Redhook, one of Seattle’s original beer giants that recently shuttered its Woodinville production brewery, uncorks its fancy and experimental but downsized Capitol Hill Brewlab Thursday, August 17 in the Pike Motorworks building at 714 E. Pike St. To celebrate, Redhook and KEXP are throwing a party that day, with live music and one-off collaboration beers.
Eater stopped by to preview the space, which includes two bars with 16 taps apiece, two patios, and windows that peer into the brewery. The design retains some of the building’s original brick and timber, and it’s all nested under a bunch of apartments that are self-described as “über-luxurious.”
Head brewer Nick Crandall is looking to shake up the traditional Redhook lineup by serving rotating, small-batch beers like the cloudy Bicoastal IPA, a raspberry saison, tangerine IPA, and more. The aim is to brew more than 100 different small-batch beers every year, a goal that will be enabled by a state-of-the-art eight-barrel brewing system, a smallish and therefore flexible setup in line with that of many modern craft brewers. Crandall is sometimes labeled the company’s “innovation brewer,” although even he admits that what might be innovative for Redhook isn’t necessarily going to seem cutting-edge to anyone who pays attention to the rest of the industry.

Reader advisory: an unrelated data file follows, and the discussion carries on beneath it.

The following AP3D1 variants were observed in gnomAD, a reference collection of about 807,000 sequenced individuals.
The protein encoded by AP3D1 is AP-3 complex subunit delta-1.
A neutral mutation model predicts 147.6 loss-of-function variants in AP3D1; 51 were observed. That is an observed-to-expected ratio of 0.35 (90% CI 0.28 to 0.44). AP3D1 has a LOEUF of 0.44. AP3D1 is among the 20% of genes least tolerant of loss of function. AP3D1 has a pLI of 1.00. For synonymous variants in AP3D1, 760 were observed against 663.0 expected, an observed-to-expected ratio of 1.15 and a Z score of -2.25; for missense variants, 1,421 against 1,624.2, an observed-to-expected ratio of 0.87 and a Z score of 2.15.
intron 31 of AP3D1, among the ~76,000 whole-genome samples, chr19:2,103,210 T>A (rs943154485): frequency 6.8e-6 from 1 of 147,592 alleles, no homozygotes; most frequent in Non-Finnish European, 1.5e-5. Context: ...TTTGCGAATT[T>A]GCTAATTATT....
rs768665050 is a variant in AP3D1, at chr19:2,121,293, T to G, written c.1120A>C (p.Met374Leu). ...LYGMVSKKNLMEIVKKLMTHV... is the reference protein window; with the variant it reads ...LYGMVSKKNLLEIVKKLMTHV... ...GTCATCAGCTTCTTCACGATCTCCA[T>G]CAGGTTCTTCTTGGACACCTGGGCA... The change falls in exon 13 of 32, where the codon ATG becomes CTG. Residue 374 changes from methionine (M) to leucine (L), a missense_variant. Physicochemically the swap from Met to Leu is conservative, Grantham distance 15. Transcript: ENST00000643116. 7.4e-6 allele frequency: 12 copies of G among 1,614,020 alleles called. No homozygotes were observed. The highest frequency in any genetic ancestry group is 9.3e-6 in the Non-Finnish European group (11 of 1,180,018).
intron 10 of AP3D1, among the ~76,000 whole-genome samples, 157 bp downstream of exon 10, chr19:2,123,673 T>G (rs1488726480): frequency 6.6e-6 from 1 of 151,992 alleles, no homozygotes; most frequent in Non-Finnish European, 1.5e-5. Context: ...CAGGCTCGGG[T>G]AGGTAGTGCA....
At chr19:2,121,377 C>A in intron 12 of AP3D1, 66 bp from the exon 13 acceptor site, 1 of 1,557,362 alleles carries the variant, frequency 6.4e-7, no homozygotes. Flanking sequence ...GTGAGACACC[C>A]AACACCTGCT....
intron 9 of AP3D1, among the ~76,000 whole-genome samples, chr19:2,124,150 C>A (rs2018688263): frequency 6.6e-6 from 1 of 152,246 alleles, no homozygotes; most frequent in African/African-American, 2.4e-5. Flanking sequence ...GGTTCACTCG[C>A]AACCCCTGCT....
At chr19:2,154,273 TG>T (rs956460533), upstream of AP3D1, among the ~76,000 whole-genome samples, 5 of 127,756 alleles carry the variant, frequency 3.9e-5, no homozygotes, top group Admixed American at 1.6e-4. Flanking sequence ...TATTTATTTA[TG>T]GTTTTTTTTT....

The beer, of course, will be complemented by food: Chef Adam Stevens is centering the menu around a stone-hearth oven and “unabashedly good bar food, the kind of food we like to eat while drinking great beer,” he said in a press release. He plans to rotate the menu to align with the shifting beers. “We won’t limit ourselves, we’ll be experimental, and we’ll always be having fun,” he said.
The opening marks Redhook’s return to its Seattle roots. The company was born in 1981 in a former Ballard transmission shop before departing for Woodinville in 1994. Redhook left Woodinville earlier this year when its parent company, Craft Brew Alliance, decided it no longer needed to hold onto the Woodinville brewery, which was running at only 30-percent capacity.